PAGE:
Monday, 4 September, 2000Uranium 'threat' to Gulf veterans
The health of many Gulf War veterans may be at risk from radioactive dust from their own ammunition, says a scientist.
Former US colonel Dr Asaf Durakovic, now a professor of medicine, has done extensive research into the Gulf War Syndrome.
He told the European Associations of Nuclear Medicine conference in Paris on Sunday that he had found a "significant presence" of depleted uranium (DU) in two-thirds of the 17 veterans he has tested.
He said: "Some of those particles were inhaled, and if they were too big to be absorbed they stayed in the lungs, and there they can present a risk of cancer."
Tens of thousands of shells made from DU were fired by US and British servicemen during the Gulf War.
The metal is used because it is so heavy, easily puncturing the amour of tanks.
On impact it vapourises, and can be breathed in by anybody on the battlefield.
It is claimed that medical staff and engineers were most at risk as they worked in close quarters with the wounded and machinery.
More than 100,000 Gulf War veterans have suffered unexplained medical problems since they returned from the conflict.
Some experts have blamed the cocktail of vaccinations given to servicemen to guard against disease and the effects of nerve gas.
But doctors in Iraq have long believed that DU is causing cancer in thousands of children born after the war.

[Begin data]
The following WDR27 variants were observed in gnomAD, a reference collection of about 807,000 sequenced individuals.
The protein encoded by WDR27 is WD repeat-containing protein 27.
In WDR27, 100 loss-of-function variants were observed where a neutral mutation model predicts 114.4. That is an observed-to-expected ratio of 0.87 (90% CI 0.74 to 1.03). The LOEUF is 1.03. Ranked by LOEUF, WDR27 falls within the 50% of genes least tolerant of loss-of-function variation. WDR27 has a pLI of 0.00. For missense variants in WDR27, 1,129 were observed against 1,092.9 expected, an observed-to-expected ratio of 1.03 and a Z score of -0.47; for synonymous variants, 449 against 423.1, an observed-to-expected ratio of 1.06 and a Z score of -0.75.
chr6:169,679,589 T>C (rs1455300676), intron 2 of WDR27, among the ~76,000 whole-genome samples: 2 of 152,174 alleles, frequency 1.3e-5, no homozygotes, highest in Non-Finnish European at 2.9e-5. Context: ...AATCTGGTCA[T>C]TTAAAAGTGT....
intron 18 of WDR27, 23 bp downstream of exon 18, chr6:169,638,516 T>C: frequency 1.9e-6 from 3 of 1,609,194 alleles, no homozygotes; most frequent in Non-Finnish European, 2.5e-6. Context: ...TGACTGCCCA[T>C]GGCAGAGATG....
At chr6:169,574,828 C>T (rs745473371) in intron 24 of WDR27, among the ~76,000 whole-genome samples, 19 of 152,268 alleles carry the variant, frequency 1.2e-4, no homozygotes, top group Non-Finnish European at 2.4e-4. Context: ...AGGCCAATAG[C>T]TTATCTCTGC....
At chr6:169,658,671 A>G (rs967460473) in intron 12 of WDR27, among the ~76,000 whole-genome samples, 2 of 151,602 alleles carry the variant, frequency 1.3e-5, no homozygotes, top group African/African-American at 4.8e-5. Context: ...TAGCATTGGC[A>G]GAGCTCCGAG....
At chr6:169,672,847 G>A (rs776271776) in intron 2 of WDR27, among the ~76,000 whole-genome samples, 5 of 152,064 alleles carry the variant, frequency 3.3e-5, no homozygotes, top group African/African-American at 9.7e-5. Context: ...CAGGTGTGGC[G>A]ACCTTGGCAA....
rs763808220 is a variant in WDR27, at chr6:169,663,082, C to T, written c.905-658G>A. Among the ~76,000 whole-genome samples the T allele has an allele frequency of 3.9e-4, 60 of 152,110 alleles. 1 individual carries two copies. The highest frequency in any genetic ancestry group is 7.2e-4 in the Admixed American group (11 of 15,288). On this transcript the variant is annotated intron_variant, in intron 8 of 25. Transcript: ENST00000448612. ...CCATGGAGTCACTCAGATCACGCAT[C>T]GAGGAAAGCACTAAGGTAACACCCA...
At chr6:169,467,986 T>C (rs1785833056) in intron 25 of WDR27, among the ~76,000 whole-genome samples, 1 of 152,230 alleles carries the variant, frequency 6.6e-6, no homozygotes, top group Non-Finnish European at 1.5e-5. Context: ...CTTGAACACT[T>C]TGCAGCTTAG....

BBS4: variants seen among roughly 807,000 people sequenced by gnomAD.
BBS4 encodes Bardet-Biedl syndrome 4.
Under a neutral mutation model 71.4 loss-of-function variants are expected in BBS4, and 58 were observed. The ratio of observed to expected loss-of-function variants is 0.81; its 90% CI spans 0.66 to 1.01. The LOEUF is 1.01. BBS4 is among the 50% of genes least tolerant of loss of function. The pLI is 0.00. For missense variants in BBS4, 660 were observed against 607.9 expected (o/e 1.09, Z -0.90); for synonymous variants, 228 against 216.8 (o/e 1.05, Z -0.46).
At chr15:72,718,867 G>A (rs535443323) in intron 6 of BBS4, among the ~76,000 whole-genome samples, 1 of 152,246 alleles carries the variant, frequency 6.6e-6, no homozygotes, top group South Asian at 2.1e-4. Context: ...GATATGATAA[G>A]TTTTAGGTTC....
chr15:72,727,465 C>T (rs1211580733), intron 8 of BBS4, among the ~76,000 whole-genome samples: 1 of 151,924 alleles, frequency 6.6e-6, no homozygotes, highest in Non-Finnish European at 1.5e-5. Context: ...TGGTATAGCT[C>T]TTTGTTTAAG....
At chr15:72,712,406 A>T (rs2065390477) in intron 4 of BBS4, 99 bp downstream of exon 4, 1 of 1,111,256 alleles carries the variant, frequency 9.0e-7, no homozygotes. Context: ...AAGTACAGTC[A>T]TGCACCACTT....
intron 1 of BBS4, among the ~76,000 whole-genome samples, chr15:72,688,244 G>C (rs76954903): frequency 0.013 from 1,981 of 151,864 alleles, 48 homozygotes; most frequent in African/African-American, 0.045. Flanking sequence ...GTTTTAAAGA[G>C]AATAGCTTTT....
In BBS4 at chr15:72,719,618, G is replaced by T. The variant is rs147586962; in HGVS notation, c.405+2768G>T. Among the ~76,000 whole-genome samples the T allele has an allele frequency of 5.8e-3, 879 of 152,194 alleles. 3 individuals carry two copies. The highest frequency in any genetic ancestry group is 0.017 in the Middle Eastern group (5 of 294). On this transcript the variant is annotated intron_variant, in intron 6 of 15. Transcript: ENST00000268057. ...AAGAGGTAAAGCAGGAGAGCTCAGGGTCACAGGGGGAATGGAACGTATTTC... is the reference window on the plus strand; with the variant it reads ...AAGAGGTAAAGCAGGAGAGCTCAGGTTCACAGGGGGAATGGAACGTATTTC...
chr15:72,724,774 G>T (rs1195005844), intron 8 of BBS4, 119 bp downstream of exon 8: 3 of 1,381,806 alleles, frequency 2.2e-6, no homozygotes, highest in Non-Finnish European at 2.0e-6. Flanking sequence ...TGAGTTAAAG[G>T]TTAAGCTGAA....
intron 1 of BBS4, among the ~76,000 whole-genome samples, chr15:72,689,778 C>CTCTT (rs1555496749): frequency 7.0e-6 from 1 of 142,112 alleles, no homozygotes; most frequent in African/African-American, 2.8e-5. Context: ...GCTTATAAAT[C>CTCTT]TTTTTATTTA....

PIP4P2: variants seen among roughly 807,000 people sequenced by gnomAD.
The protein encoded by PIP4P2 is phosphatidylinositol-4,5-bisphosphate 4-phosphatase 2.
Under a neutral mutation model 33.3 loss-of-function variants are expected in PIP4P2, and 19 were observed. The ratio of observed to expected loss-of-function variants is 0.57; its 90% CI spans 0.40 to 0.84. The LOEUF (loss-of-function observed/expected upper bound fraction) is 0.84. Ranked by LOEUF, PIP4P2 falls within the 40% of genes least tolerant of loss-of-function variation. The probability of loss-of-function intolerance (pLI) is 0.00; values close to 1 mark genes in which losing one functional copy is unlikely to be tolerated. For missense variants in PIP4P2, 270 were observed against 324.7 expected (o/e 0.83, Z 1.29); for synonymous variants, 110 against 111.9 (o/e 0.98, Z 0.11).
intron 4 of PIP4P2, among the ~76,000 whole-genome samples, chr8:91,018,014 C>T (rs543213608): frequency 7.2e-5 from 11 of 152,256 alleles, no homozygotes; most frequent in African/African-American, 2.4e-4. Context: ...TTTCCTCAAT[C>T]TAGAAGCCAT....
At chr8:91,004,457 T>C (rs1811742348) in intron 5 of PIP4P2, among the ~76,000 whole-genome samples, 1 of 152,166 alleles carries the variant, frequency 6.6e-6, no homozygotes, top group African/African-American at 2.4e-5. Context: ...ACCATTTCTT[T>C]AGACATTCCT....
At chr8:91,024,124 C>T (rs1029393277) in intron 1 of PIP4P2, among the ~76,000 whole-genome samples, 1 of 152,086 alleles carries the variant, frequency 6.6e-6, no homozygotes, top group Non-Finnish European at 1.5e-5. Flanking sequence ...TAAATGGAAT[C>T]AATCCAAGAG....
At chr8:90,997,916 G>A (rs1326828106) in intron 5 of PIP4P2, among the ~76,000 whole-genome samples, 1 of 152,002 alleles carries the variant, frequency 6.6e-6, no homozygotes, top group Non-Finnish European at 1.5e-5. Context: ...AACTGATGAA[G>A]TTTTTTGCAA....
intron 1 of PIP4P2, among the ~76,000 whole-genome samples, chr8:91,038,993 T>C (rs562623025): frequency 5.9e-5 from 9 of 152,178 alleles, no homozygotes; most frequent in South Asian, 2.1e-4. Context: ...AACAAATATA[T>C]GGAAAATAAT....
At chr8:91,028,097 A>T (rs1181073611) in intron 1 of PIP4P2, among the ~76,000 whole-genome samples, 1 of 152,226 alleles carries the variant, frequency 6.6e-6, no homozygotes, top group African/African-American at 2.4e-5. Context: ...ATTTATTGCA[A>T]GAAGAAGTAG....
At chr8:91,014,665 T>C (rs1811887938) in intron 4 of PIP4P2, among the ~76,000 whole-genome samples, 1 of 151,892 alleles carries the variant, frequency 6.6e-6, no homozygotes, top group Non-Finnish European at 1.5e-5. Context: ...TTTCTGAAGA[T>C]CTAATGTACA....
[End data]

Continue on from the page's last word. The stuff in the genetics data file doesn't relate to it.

Dr Serge Askienazy, an expert in nuclear medicine, warned against assuming uranium contamination was responsible for Gulf War syndrome.
He said: "The study is not complete and does not allow us to make any conclusion."
The Ministry of Defence has admitted the (DU) ammunition was "still under development" when it was issued.
But it does not provide medical support for the potential thousands who may be affected.
The MoD said the evidence they had seen so far had not been "adequate" to link DU to Gulf War syndrome.
A spokesman said: "We are keen to ensure that Gulf War veterans receive as much care as they can.
"But the evidence has not been adequate and the symptoms so far of over 3,000 individuals are not likely to have been caused by DU exposure.
"We are not closed to any new evidence, indeed we have consistently requested it.
"If Dr Durakovic has got the evidence we should be delighted to see it."
The MoD admitted in a letter in 1993 that it had not sufficiently warned the troops about the dangers of DU evident in the tank ammunition.
JE Stainton, assistant private secretary to the Minister of State for the Armed Forces, wrote: "At the start of Gulf crisis, depleted uranium tank ammunition was still under development.
"The issuing of safety instructions was in some cases overlooked in the effort to bring this important capability into operation... The omission was regrettable."
In 1998 Dr Durakovic started taking veterans' urine and body tissue to produce scientific evidence.
Gulf War veteran Shaun Rusling, who worked as medical staff, said: "They knew, they have known all along and they haven't wanted to admit it.
"We have lads dying who have lost their homes, their marriages, their jobs and these people have got to know what is happening to them."
The National Gulf Veterans and Families Association is demanding appropriate medical care and support and proper testing for DU by the Ministry of Defence.